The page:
Testing the influence of herding behaviour on the Johannesburg Securities Exchange
Munetsi, Raramai Patience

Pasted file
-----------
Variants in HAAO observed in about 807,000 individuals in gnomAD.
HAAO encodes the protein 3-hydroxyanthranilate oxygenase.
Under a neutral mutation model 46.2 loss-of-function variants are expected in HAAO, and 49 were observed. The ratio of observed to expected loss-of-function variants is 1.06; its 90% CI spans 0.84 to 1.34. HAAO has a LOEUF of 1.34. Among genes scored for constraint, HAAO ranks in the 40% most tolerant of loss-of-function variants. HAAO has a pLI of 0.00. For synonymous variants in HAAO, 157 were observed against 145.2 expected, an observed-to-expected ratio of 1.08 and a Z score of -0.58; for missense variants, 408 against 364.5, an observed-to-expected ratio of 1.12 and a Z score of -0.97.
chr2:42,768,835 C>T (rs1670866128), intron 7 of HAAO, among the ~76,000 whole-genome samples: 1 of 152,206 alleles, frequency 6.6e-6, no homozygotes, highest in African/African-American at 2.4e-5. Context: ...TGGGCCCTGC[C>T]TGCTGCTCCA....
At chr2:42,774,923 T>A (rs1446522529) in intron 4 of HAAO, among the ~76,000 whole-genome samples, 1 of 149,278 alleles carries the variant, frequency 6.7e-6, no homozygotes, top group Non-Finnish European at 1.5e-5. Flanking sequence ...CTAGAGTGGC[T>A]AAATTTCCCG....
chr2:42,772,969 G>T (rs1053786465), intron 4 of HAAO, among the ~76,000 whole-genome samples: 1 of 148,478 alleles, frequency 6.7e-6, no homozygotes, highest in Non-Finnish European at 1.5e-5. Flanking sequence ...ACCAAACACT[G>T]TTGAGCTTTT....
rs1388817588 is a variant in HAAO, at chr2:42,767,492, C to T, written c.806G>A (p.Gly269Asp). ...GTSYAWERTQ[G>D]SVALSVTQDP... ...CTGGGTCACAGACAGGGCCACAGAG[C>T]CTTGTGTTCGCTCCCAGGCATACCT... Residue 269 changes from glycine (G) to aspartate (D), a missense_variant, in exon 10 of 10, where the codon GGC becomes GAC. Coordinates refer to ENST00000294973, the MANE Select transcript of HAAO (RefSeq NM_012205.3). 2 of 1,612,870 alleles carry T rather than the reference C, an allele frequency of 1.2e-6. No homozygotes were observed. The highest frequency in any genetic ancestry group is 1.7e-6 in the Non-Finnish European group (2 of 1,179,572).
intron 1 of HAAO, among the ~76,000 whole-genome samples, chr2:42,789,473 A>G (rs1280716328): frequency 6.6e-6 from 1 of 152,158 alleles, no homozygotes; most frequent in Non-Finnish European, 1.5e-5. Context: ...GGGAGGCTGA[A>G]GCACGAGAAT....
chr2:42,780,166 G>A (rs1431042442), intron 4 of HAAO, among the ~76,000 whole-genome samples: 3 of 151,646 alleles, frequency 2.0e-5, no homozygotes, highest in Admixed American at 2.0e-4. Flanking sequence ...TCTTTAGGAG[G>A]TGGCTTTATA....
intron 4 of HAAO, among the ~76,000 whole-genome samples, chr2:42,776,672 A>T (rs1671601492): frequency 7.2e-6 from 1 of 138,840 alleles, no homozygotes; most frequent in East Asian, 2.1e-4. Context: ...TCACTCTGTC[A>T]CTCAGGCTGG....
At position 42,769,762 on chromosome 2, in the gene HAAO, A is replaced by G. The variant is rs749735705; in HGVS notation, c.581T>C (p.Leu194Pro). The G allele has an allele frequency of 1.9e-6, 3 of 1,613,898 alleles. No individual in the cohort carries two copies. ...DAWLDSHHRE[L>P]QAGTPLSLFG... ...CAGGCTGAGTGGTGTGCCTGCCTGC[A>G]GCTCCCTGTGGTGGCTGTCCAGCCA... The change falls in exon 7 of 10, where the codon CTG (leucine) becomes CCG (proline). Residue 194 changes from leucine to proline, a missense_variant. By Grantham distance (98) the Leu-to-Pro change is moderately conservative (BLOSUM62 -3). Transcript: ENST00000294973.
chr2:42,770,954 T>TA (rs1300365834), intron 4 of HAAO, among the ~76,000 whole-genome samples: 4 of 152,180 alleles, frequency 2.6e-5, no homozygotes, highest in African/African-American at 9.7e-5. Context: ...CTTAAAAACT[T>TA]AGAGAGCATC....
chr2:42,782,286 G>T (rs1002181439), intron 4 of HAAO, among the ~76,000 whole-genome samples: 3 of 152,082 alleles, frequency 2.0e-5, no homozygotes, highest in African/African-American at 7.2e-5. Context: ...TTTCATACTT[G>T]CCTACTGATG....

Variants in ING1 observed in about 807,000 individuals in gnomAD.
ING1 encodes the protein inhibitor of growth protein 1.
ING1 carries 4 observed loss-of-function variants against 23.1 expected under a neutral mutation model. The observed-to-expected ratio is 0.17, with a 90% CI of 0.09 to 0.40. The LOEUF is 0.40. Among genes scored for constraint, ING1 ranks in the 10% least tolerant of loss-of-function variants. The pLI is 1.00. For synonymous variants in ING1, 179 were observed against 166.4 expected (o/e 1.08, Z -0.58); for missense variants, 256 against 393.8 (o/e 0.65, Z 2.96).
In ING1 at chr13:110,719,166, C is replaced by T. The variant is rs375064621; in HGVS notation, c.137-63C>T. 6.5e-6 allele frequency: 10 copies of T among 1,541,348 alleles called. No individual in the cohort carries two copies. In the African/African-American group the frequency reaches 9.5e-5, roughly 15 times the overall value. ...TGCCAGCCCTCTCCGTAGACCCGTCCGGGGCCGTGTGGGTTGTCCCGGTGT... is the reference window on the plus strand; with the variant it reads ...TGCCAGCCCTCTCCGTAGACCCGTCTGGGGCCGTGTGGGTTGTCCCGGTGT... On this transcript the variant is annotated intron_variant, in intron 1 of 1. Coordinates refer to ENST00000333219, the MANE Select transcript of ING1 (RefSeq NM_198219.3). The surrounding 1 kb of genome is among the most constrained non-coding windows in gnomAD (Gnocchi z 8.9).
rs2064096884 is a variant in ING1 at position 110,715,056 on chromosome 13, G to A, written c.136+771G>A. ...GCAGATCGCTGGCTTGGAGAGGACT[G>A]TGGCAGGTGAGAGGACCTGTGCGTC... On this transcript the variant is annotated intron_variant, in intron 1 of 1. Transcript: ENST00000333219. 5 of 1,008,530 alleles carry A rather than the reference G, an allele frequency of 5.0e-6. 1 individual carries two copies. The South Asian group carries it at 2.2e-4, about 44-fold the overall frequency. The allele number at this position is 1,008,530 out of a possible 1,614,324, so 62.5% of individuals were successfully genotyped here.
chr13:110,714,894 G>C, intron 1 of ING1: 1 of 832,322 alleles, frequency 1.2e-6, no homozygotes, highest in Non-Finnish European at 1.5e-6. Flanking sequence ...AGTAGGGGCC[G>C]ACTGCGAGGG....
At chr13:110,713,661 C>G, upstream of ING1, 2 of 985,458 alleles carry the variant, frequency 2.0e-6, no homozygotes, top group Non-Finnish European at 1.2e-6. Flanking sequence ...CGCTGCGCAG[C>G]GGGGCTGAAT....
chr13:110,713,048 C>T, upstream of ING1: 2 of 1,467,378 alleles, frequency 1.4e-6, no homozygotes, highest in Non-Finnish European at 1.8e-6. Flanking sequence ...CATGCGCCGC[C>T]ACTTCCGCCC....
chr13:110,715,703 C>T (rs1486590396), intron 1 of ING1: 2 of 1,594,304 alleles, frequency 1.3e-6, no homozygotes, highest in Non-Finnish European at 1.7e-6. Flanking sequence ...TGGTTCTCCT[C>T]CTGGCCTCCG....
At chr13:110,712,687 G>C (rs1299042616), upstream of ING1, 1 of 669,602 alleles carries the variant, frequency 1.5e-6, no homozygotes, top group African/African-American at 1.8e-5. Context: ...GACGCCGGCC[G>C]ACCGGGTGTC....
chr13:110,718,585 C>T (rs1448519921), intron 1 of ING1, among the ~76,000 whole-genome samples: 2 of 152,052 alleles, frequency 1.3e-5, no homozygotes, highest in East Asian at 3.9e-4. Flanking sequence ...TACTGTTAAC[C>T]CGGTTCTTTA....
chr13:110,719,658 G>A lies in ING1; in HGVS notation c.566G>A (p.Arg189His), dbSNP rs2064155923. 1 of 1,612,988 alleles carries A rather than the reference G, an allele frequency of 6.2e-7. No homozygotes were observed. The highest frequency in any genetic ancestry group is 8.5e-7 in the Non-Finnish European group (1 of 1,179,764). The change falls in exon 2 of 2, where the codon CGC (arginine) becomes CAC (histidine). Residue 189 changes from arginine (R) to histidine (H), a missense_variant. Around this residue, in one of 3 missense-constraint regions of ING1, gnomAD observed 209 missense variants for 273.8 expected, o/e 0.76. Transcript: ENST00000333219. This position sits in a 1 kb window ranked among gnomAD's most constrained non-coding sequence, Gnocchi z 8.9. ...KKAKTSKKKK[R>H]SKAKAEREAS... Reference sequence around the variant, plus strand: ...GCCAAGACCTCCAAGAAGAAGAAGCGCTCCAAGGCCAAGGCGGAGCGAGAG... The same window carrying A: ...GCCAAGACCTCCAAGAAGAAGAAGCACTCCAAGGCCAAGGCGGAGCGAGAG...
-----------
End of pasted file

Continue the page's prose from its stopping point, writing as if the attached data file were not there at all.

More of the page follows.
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Since the discovery of herding behaviour in financial markets in the 1990s, it has become an area of interest for many investors, practitioners and scholars. Herding behaviour occurs when investors and market participants trade in the same direction during the same time period, as a result of the influence of other investors. Studies on herding behaviour have been undertaken in both the developed and developing economies and majority of these studies have confirmed the existence of herding behaviour in the stock markets. Despite its tremendous growth, the South African financial markets are not immune to such market anomaly. Herding behaviour on the JSE was first investigated in 2002 focusing in the unit trust industry on the South African stock market. Motivated by this, this study assessed the presence of herding behaviour using the Johannesburg Securities Exchange tradable sector indices. Four indices were employed, namely Financials, Industrials and Resources and were benchmarked against the JSE All Share Index for the period from January 2007 to December 2017. The industrials index ((FINI15) constitutes of 25 largest industrial stocks by market capitalization, the financials index (FINI15) comprises of 15 largest financial stocks by market capitalization, the resources index (RESI10) which represents 10 largest resources stocks by market capitalization and lastly the FTSE/JSE All Share Index defined as a market capitalization-weighted index which is made up of 150 JSE listed companies and is the largest index in terms of size and overall value JSE. The FTSE/JSE All Share Index was used as a benchmark for investors to check how volatile an investment is. The South African economy experienced the effects of the 2008 global financial crisis from 01 July 2007 to 31 August 2009. This study split the examination period into three categories namely before the global financial crises which was the period starting from 1 January 2007 to 30 June 2007, then the period during the global financial crisis which was from 1 July 2007 to 31 August 2009 and lastly the period after the global financial crises which was from 1 September 2009 to 31 December 2017. Apart from the diversity of the indices, the length of the examination period also had a significant influence towards the magnitude of herding behaviour on the JSE.